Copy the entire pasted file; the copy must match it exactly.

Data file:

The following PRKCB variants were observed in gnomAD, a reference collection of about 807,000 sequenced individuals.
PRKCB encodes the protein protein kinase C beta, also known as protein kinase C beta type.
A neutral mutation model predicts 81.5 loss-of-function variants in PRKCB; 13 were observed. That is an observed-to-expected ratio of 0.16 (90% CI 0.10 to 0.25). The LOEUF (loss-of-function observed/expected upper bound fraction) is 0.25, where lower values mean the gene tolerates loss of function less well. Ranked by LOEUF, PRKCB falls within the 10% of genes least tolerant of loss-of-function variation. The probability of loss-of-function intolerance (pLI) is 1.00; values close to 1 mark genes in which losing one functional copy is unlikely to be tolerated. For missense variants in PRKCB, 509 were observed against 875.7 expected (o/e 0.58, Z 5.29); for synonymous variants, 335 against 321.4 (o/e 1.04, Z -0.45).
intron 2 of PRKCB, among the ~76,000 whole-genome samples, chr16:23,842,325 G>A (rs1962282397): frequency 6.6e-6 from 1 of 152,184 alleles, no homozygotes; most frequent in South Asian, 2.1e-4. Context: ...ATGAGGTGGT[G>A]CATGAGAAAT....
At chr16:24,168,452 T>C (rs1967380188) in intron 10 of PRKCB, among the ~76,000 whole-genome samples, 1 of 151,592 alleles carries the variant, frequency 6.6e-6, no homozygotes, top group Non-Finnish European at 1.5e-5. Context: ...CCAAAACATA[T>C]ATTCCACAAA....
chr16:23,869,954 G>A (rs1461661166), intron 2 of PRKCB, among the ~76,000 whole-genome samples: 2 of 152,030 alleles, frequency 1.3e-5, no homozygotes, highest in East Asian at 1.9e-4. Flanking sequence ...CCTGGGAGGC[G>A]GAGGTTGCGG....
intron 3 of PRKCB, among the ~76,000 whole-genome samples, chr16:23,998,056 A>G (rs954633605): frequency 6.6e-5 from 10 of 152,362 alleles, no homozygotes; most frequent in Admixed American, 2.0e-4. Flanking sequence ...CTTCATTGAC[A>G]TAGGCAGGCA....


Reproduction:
The following PRKCB variants were observed in gnomAD, a reference collection of about 807,000 sequenced individuals.
PRKCB encodes the protein protein kinase C beta, also known as protein kinase C beta type.
A neutral mutation model predicts 81.5 loss-of-function variants in PRKCB; 13 were observed. That is an observed-to-expected ratio of 0.16 (90% CI 0.10 to 0.25). The LOEUF (loss-of-function observed/expected upper bound fraction) is 0.25, where lower values mean the gene tolerates loss of function less well. Ranked by LOEUF, PRKCB falls within the 10% of genes least tolerant of loss-of-function variation. The probability of loss-of-function intolerance (pLI) is 1.00; values close to 1 mark genes in which losing one functional copy is unlikely to be tolerated. For missense variants in PRKCB, 509 were observed against 875.7 expected (o/e 0.58, Z 5.29); for synonymous variants, 335 against 321.4 (o/e 1.04, Z -0.45).
intron 2 of PRKCB, among the ~76,000 whole-genome samples, chr16:23,842,325 G>A (rs1962282397): frequency 6.6e-6 from 1 of 152,184 alleles, no homozygotes; most frequent in South Asian, 2.1e-4. Context: ...ATGAGGTGGT[G>A]CATGAGAAAT....
At chr16:24,168,452 T>C (rs1967380188) in intron 10 of PRKCB, among the ~76,000 whole-genome samples, 1 of 151,592 alleles carries the variant, frequency 6.6e-6, no homozygotes, top group Non-Finnish European at 1.5e-5. Context: ...CCAAAACATA[T>C]ATTCCACAAA....
chr16:23,869,954 G>A (rs1461661166), intron 2 of PRKCB, among the ~76,000 whole-genome samples: 2 of 152,030 alleles, frequency 1.3e-5, no homozygotes, highest in East Asian at 1.9e-4. Flanking sequence ...CCTGGGAGGC[G>A]GAGGTTGCGG....
intron 3 of PRKCB, among the ~76,000 whole-genome samples, chr16:23,998,056 A>G (rs954633605): frequency 6.6e-5 from 10 of 152,362 alleles, no homozygotes; most frequent in Admixed American, 2.0e-4. Flanking sequence ...CTTCATTGAC[A>G]TAGGCAGGCA....